Cedar Rapids Gazette, August 26, 1974, Page 7

Cedar Rapids Gazette

August 26, 1974

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Issue date: Monday, August 26, 1974

Pages available: 48

Previous edition: Sunday, August 25, 1974

Next edition: Tuesday, August 27, 1974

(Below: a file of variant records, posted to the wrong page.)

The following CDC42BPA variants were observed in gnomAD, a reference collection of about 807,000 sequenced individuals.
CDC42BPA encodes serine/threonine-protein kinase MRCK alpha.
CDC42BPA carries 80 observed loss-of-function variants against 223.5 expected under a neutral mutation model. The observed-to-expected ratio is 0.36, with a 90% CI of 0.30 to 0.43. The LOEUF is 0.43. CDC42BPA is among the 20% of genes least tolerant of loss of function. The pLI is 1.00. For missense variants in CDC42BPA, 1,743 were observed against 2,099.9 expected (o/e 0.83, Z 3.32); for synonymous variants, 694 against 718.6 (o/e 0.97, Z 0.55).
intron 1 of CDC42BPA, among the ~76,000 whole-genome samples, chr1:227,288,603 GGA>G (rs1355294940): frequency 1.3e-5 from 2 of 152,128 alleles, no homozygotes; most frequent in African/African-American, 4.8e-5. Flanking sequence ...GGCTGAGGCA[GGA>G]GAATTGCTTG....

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Cedar Rapids Gazette (Newspaper) - August 26, 1974, Cedar Rapids, Iowa 4 The Cedar Rapids Gazette: Moo.. Aug. 26. 1974 Unparalleled Year Iowa Report Cites Education, Low Jobless Rate DES MOINES (AP) Iowa had an unparalleled year of economic growth, a report presented to Gov. Robert Ray shows. Entitled "The Quality of Life in Iowa: An Economic and Social Report to the Gov- ernor for the annual re- port is aimed at assessing the economic and social condi- tions of the state and present those findings to the governor. The report, released Mon- day, covers such areas as the level of criminal activity, the health status of lowans, the quality of education and the status of minorities in Iowa. Iowa had the fourth lowest unemployment rate in the na- tion in 1973 2.9 percent, compared with 4. SI percent for the I'. S. this year's report shows. Personal income increased by 14.1 percent to billion, compared with a 10.4 percent gain fur (he iiiilinii- Persona! income from manufacturing was up 12.6 percent. High Production In agriculture, the report says although slowed by ad- verse weather conditions dur- ing the spring planting sea- son, Iowa farmers continued to produce at record and near- record levels in 1973. Corn production reached its second highest level in histo- ry, exceeding the billion- bushel mark for the third year in succession. Production totaled IU24 billion bushels, down two percent from the 1972 total of 1.230 billion. Acreage planted in corn was up five percent to 11.1 million acres, but late planting reduced the yield per acre from 116 in 1972 to 108 bushels in 1973, the report says. Soybean production reached a record level, rising to million bushels from the 216 million produced in 1971. That represents a gain of 24 per cent, the report says. Soybean yield per acre fell (rom 38 to 34 bushels, the re- port says, but because of the 19 million increased in acreage total production, ex- ceeded the year earlier total The value of production of total crops totaled MB billion 1973 placing Iowa number one in the nation in value of crops productions. California and Illinois came in second and third, respectively. The report says the railroad industry continued to face problems in 1973, but says there were strong signs solu- tions may be found in the near future. It says the department of transportation should lead to better rail service in 1S174. In education, the report shows a downward trend in enrollment in the state s pub- lic and non-public school districts in 1973 for the fifth consecutive year. Knrollment There was a total of students enrolled in the slate's school districts in 1973, compared with 722.455 stu- dents in 1972. The decline was attributed to the declining birth rate and the aging Iowa population. No sudden reversal in such figures is expected, the report says, and projected enroll- ments are expected to decline. The report says, howe.er. that a study prepared by the Miuv.es! Research iiiNtilulr ranks Iowa's educational system as the best in the Unit- ed States, putting it ahead of other states with excellent systems such as California. Oregon. I'tah and Wyoming. 1970 Census Data from the 1970 census, the most recent source of in- formation available on minori- ties, shows Iowa's minority population was or 15 percent of the total stale popu- lation of 2.824.376. Blacks made up 78 percent of that group with a popula- tion totaling In the metropolitan areas where blacks are concentrat- i-d, their family inaim'1 considerably below the aver- age for white families, the re port says. Family income closest to the while average in 1970 was in Cedar Rapids where the in- come was for whites and for blacks and the lowest was in Sioux City where the incomes were and respectively. Attribution The report attributes such differences to household composition, occupation, ed- ucation and discrimination There is a need to alleviate poverty for minority group members 11! the metropolitan areas, the report says, but determining if their nerds are being adequately funded and administered is difficult. The report says the Iowa department of social services does not tabulate the recipi- ents of state aid under its programs by race and says the Iowa civil rights commis- sion has a limited amount of statistical data to assess the effectiveness of minority programs. The report recommends regulations be modified to allow public agencies to classify protected classes, as such, to better serve their needs. Mezvinsky: No Prosecution KANSAS CITY (AP) A member of the house judiciary committee said Sunday congress will never vote on prosecution of former Presi- dent Richard M. Nixon or on possible immunity for the for- mer Chief Executive. Rep. Ed Mezvinsky (D- who cast the 20th and deciding vote for impeach- ment of NLxon in the house ju- diciary committee hearings made the comment when he appeared with Rep. Jerry Litton (D-Mo.) on the monthly "Dialogue with Litton" program. The two freshmen members of congress spoke to more than 700 persons at the TWA building near Kansas City International airport. No Power "Congress simply does not have the power to delve into Mezvinsky said. "The judiciary committee was hearing evidence on impeach- ment because of obstruction of justice, abuse {if power and other subversions of the Constitution. "The fact that Nixon may have been in violation of fed- eral law and have possibly committed a felony is some- thing that congress has noth- ing to do with now." Mezvinsky said he has no doubts the Nixon case will be handled by a grand jury. "The grand jury will have to deal not with a violation of the Constitution but a violation of he said. A Pardon The Iowa congressman said he is sure congress will not grant immunity to Nixon should he be convicted of Watergate crimes. "I don't think congress has this pow- he said. However, Mezvinsky pre- dicted NLxon .probably would be granted some type of pardon from the grand jury if convicted. Iowa Prof By Harrison Weber DES MOINES (IDPA) -The Iowa criminalisties laboratory in Des Moines, which is operated by the state bureau of criminal investigation, is coming into its own. Although the crime lab has been in operation for only three years, it is earning a reputation among law enforcement people of being very-professional in helping to solve crimes. Perhaps the classic example is the case of the "missing "It's a very remarkable said Michael L. Lab Ea R< berg, crime lab administrator. It involves a person who had been stabbed to death. "Apparently a fight occurred prior to the stabbing and in the course of the fight the suspect's hands were cut and little pieces of fingertips were cut off and left at the Rehberg said. An investigator found the small particles 'of skin and a suspect was arrested after the lab was able to "fracture match" the pieces of skin back to his fingers, Rehberg explained. "It was just like a picture puzzle." Although this case is a little grotesque, it demonstrates the variety of techniques employed by the lab in helping local and state law enforcement officers solve crimes. Work Load Each year that the lab has been in operation it has experienced a sizable increase in its work load. In the first six months of this year it handled approximately examinations, compared to for the same period last year. Analyzing drugs requires the full-time attention of three staff people. Last month they handled 425 drug cases which required the analysis of approximately items. Since the Federal Drug Enforcement administration stopped accepting cases three months ago from local law enforcement agencies in Iowa, the crime lab has been practically overwhelmed with requests for assistance in testing drug samples. This change, Rehberg said, primarily involved law enforcement agencies in the Du-buque, Clinton and Davenport areas who were using the federal facilities for testing drugs. "We used to get 75 to 80 percent of the requests; now-all the drug cases in Iowa come Rehberg said. Document Section The lab's document section is one of its busiest. Last month it processed 85 cases. This was just too much of a work load for one man, another staff member is being added to this section, Rehberg revealed. The bulk of the work in the document section centers on examining samples of handwriting for check forgeries. But the personnel is also called on for judgments about documents and their authenticity, typewriter identification comparisons and a myriad of other assignments. The state bureau of criminal investigation has two marked vehicles it uses as an extension of the criminalisties laboratory. These cars are sent to the scene of the crime to help sift out clues, Rehberg said. "Sometimes law enforcement people want the public to know lab technicians are on the scene; it's one of the most highly visible arms of law enforcement. "With the emphasis courts are placing on physical evidence, the lab is becoming increasingly he said. Case Load Rehberg was the chief chemist with the Wisconsin state crime lab at Madison before he came to Iowa to head up the newly-created crime laboratory in 1971. At first, the lab was receiving 100 to 150 cases a month. This month Rehberg expects it will handle over 700 cases. The staff has grown from eight to 18 during that period. The crime lab believes a major reason :or the increase in the number of cases submitted is that law-enforcement personnel are better trained today. "They realize what the lab can Rehberg said. Another reason, he said, is an increase in the amount of drug usage in the state. During the three years he las been in Iowa, Rehberg said he has seen an increase in the number of violent deaths in the be he said. "Prisons are not really built for rehabilitation of inmates or of past Presidents." Litton said the American public now is asking for leniency. "How much mercy is given to him is something we'll all have to wait and Litton said. "I think as a whole the house would like to show some mercy." District Elections Slated DECORAH Three candidates have announced their candidacy for election in director district 2 for the Area Education Agency board of education and two candidates have filed for director district 3. Director district 2 candidates are Lloyd Meier, Clermont; Linus Rothmeyer, Calmar, and Kenneth Schultz. Postville. Filing for district 3 are Carroll Sunde, Decorah; and Bill Withers, Waukon. District 3 school members will meet Monday in the Senior, high building, Waukon, at 8 p.m. to elect one of the three candidates. Included in this district are Allamakee, De-corah, Eastern Allamakee and Mar-Mac. District 2 members will meet Tuesday at 8 p.m. in the administration building at Calmar. Community school districts included in the director district are Howard-Win-neshiek, North Winneshiek, Postville, South Winneshiek and Valley. Press Ground, Air Search for Missing Pilot DES MOINES The information officer for the Iowa wing of the Civil Air Patrol (CAP) says 25 lowans are involved in the three-state search for a Galesburg, 111., pilot missing since late Wednesday. CAP spokesman Gene Kellogg said Sunday 35 flights totalling 60 flying hours and three ground searches in Iowa have been conducted for L. B. Lundry, 67, a pilot with more than hours of flying time to his credit. Lundry was last heard from about five miles from the La-Crosse, Wis., airport during heavy fog conditions. Searches also are being conducted by CAP members in Wisconsin and City Students Register for Classes CENTRAL CITY School registration will continue Tuesday in the school gymnasium. Families with last names beginning A-M register Monday and N-Z Tuesday. School begins Wednesday at a.m. Motorist Treated Following Crash WINTHROP-Lcland C. Roepke, 22, rural Winthrop, was treated at a hospital and released after his 1974 car went out of control and slammed into a bridge a mile west of here Sunday night. Authorities said the westbound car landed in a creek after the crash. Roepke's car was demolished. He was not to sell your riding mower fast? Try a Classified Ad for best results! Dia 388-8234. Have your furnace cleaned and checked before cold weather! BHf Your headquarters for HHgT DRIVE Advertisement What Do Many Doctors Use WhenThey Suffer Pain And Itch Of Ham Amtlim rial ui nemorrnoiaai 1 issues; Exclusive formula gives prompt, temporary relief of hemorrhoidal tissue News (ihnul it most eflVrlive meditation cumcs from a recent .survey diwtors Asked what lliry, themselves, i.se to relievo such painful .symptoms, many df the doctors reporting named one parliculiir medication they either use themselves or in their office prartitv. This medication prompt relief for hours in many cases from pain and itching of hemor-rhoidal tissues. And it due to inflammation. irlps shrink swelling ol is-lles liv illlel 1 Tt sis l.v (luclors showi-il Ihis In be 1 1 ne. '1 lir nietlic.-ilinn used was I'rrtmrntiiiii -Ilie s.nne ex-clnsivi' fiirninhi von can buy at ;iny drug counter wilhuul it Try durlur lesled Preparation 1 1. There's no other fiiriiiuln like II. Al drtiK (.iinnlers everywhere. Oinlineiii ur SERVICE Cifll 364-4626 Air Conditioner. After Business Hours: Call .1H5-56M NOVAK "eating Uir Conditioning 11 V Aim it 16th Af.no. I.W. C.dor tapldt far 39 Seven Die In Highway Accidents By the Associated Press Seven people died in week- end Iowa traffic accidents, and a solider from Iowa died in an auto crash in Germany. Authorities identified the lowan as Pfc. Daniel Berry, Bettendorf, who was killed Saturday. No further details were available. Marvin L. 19, Rock Rapids, died Saturday when the car he was driving rolled over in a field after fail- ing to negotiate a curve on highway 9 a mile south of Larchwood in Lyon county. Charles Ellery, 23, Bronson, was struck by six vehicles while walking along interstate 29 near Sergeant Bluff, au- thorities said. Investigators said only a car driven by Dorothy Gainous, Omaha, and one other vehicle stopped at the scene after striking the pedestrian. Ellis Hatfield, 32, Des Moines, died Sunday of inju- ries suffered in an Aug. 15 crash in Des Moines and Floyd Wiederin, 43, Lake City, died Sunday of injuries suf- fered last Wednesday in a collision near Carroll. Officers said Fred Erskin, Des Moines, was killed Satur- day night when his motorcycle and a car driven by Claude Isabelle, Luther, collided on highway 17 near Luther. Keith Mueller, 19, Osage, and Bruce VVadden. 12. Phoenix, were killed in sepa- rate one-car accidents Friday. Mueller was killed when his ear ran off a Mitchell county road about two miles south- east of Osage. The car in which the Wadden boy was riding ran off a Johnson county road near Swisher, authorities said. Larson Calls for Stiff Gun Laws DES MOINES State Public Safety Commissioner Charles Larson has called for stiffer sentences to make gun crimes more difficult to im- plement in the wake of a dou- ble slaying at the downtown Holiday Inn here last week. He said he thinks proposals which would impose severe punishments for such crimes would be helpful. A possibility might be a five-or ten-year sentence without any parole, he suggested. Larson added Iowa is more liberal than some states such as Michigan, Illinois and New York in allowing gun purchases. He said many per- sons come to Iowa across the border from Illinois to buy guns for criminal activities. The commissioner also said a three-day cooling period in the purchase of guns might be useful, particularly in curtail- ing crimes of passion. A delay in the completion of Suspend Sentence on Drunk Driving Charge INDEPENDENCE John David Gilson, 27, was given a 180-day suspended jail sent- ence after he pled guilty to an July 18 drunk driving charge. The court also ordered him to enroll in a drinking driver's course with the Northeast council on Alcoholism and his license was revoked. Headstart Classes SIGOURNEY Classes for the Keokuk county Headstart school will begin the first week of October. Anyone with a'Child who will be 4 years old by Sept. 15 and within the guidelines set for Headstart families should call 622-3410. Now! Be cool Inside and out! RUSCO Awnings, Doors and Windows. Cut Cooling and Heating costs enjoy year 'round comfort! 16 Beautiful colors Baked-on finish lasts for years Doors also available in Safety Glass Dependable Full Warranty Rusco the leader since 1937. IOWA FREE ESTIMATES m INC. "folks who are still quality-minded" 515 Eighth Avenue SE 364-0295 "THERE IS A DIFFERENCE" Evenings Call DON AMENT, 363-11M JERRY WILLIAMSON, COGGON, 435-2273 MARK UPREE, 362-2733 RICH ETSCHEIDT, NEWHALL 223-5436 BILL YOCK, STANWOOD 845-3992 the pun-base might prevent a crime from being committed, lie said. Larson, did however, take note that such legislation might disgruntle a sportsman, who saw a gun he liked for hunting purposes, for exam- ple, and wanted to buy it that same day. Postal Burglaries Under Investigation BLUE CRASS U.S. Postal Service authorities have joined local law officers in the investigation of four post office burglaries during the last week in Eastern Iowa. The latest break-in occurred Saturday at the Scott county- town of Blue Grass, where a money order machine was stolen. There were break-ins re- ported earlier at the Clinton county communities of Wei- ton, Low Moor and Zwingle. Mar-Mac Institutes "Floating" Schedule McGREGOR Mar-Mac high school Principal Michael J. Coury has instituted a new- daily schedule for this year's students which he feels is unique to the district. Called the "floating eight- period it replaces the traditional seven-period day. In addition tn the seven class periods, one will be add- ed each day which is not permanent, but The aim, Coury said, is to allow the school to offer, and students to take, eight sub- jects without adding to the school day's length or the number of faculty members. Eight-Class Cycle On each day, one of the eight classes for which a student is registered will not meet, so the student attends seven classes each day, but over the cycle period may par- ticipate in eight courses. Coury admits the "floating eight-period schedule" seems confusing. However, he feels the students and faculty will quickly adapt to its operation. "The main reason we are adopting this new Coury said, "is to make more courses available to students. Generally the easiest way to do that would be to add facul- ty members or lengthen the school day. Advantages Our budget does not allow us to increase the number of teachers, and I'm sure neither students nor teachers would be too excited about a longer school day. Thus, the new schedule is a desirable al- ternative." Other advantages cited by Cuury are the increased number of class offerings open to students each semes- ter and the number of double sections offered of courses with high student demand. "Since students are now- able to select from more courses, it should also lead to smaller class sizes, in which the students should benefit by- receiving more personalized and individualized said Coury. MAYTA8 wash-power mmcs FACTORY TRAINED SERVICE Open MOM. and Thun. 'Til 9.00 P.M. 215 In Avo. SE PEGPUS Phone 366-7436 ;